Twitter: Tweets To Help Government Predict When You Will Protest

Updated on

Twitter data has been considered very important for advertisers, the company itself, and also for the government. Tweets from users already help the government identify individual threats like someone talking about overthrowing the government. But social media has the potential to give the government much more insight into the collective desires of the masses.

Twitter history more relevant than personal history

A new study from Arizona State University, Texas A&M, and Yahoo found that, using the right algorithm, the chances of any Twitter user posting something in protest can be predicted with 70% accuracy. Such information can be applied to the real world to predict a protest movement and how big the protest will eventually get. The government is surely interested in such studies as the Office of Naval Research also funded this research.

For the study, researchers considered 2,686 posts related to the Nigerian general election, which took place between February and April 2015. The elections, which were marred by the insurgency of the Boko Haram, faced accusations of voting irregularities. To predict if someone might start protesting on Twitter, studying his or her Twitter history of interacting with other people who are part of the movement is much more relevant than their personal history.

Gates Cap Management Reduces Risk After Rare Down Year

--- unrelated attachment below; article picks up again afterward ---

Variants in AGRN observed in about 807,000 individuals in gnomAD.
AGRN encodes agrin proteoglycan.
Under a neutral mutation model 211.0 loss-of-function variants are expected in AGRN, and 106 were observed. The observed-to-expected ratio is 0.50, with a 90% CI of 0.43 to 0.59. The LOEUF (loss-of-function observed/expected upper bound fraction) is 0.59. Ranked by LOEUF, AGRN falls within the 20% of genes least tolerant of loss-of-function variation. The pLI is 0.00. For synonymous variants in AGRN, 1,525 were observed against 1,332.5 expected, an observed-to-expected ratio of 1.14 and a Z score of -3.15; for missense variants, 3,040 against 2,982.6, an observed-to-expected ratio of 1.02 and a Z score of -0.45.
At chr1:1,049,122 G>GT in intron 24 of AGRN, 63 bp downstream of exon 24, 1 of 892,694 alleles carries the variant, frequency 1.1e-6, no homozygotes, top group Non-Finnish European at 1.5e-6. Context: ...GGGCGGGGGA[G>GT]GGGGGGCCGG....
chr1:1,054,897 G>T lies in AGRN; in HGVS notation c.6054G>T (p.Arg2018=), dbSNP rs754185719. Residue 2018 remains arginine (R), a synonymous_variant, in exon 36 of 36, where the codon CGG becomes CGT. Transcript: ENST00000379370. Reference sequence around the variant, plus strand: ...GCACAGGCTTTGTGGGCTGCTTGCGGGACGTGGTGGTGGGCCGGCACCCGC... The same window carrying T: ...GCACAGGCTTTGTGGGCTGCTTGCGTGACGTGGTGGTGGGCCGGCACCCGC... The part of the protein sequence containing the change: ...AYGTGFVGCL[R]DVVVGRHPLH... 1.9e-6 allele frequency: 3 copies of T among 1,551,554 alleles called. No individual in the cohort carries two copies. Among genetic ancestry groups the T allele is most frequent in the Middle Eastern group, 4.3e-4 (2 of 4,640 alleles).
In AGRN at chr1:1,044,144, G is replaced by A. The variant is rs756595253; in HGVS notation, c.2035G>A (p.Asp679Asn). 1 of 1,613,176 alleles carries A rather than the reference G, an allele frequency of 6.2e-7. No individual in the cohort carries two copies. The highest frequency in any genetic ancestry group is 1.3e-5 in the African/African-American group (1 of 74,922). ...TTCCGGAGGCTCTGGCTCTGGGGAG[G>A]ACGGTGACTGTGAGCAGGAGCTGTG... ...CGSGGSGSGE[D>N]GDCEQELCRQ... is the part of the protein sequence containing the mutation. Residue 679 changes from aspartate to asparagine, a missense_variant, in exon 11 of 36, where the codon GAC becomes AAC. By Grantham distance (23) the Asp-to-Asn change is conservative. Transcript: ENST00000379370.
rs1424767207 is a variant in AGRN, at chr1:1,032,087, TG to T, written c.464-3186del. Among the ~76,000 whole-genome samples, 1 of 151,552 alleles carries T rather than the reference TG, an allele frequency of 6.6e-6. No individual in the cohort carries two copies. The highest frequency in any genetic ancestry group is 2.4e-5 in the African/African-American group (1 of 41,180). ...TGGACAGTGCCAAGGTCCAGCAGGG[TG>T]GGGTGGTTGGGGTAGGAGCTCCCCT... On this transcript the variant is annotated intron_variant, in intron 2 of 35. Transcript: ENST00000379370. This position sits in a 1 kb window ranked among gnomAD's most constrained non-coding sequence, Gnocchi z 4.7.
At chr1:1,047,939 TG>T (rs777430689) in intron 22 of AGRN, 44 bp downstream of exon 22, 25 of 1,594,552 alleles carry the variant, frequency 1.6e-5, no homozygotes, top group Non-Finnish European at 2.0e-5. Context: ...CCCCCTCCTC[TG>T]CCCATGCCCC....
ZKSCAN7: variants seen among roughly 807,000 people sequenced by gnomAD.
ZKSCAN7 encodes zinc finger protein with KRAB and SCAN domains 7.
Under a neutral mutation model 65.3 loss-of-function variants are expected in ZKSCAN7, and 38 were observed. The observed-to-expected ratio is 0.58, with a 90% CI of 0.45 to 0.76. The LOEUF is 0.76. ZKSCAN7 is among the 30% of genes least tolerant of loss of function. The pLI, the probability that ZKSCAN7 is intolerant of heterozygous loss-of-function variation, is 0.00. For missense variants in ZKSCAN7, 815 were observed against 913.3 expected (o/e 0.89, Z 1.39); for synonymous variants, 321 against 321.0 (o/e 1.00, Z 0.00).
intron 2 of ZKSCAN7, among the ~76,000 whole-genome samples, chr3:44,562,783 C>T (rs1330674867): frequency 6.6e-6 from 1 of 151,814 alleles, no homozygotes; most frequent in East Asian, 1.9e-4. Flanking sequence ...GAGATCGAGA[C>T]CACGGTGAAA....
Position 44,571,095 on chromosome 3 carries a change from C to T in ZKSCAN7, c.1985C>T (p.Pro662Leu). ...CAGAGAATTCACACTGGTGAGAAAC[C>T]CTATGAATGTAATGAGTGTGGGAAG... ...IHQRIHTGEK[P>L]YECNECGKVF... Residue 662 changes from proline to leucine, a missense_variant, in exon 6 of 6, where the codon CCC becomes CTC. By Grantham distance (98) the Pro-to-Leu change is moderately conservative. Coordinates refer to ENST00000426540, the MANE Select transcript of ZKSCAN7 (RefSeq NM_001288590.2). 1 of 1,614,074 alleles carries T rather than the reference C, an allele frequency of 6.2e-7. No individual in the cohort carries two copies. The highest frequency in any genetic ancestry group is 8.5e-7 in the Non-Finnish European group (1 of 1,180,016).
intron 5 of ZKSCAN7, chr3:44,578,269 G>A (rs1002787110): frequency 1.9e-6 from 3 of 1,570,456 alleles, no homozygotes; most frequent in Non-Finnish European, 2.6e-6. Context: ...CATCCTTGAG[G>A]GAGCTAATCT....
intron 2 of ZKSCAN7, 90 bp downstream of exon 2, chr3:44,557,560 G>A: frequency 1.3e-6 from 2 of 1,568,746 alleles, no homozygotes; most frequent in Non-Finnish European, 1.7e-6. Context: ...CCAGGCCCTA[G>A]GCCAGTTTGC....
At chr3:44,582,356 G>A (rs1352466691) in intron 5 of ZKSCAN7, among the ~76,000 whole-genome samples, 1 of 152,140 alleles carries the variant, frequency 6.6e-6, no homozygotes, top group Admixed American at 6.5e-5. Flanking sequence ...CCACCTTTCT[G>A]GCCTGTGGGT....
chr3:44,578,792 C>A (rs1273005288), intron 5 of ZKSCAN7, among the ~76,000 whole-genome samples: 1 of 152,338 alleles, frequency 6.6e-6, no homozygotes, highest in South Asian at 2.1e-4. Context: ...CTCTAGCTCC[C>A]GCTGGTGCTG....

Gates Capital Management's ECF Value Funds have a fantastic track record. The funds (full-name Excess Cash Flow Value Funds), which invest in an event-driven equity and credit strategy Read More

Brownian motion theory used

In an email to Defense One, researchers Suhas Ranganath and Fred Morstatter, said, “The interaction we study is how users mention each other.”

And in their model, the chances “of the future post expressing protest increases” if the post mentioning the user is anyway related to the protest or the post suggests the user is interested in the protest.

“We dynamically learn [or teach] the model by testing how each of the previous status messages of the given user are affected by the recent posts mentioning him. We then use the model to predict the likelihood of the user expressing protest in his next post,” the email read.

Researchers used the Brownian motion theory to come up with the formula. This theory is primarily used to track particle movement or model fluctuations in the stock market.

“Brownian Motion for fluid particles models change in the direction of the particle movement on collision with other particles,” Suhas told Defense One.

In the study, each “particle” is taken as a social media user. So collisions with other particles that relate to other users mentioning him or her and a change in direction relate to the “user’s inclination to express protest in his next post.”

Subscribe to ValueWalk!

Get updates on the latest posts and more from ValueWalk straight to your inbox.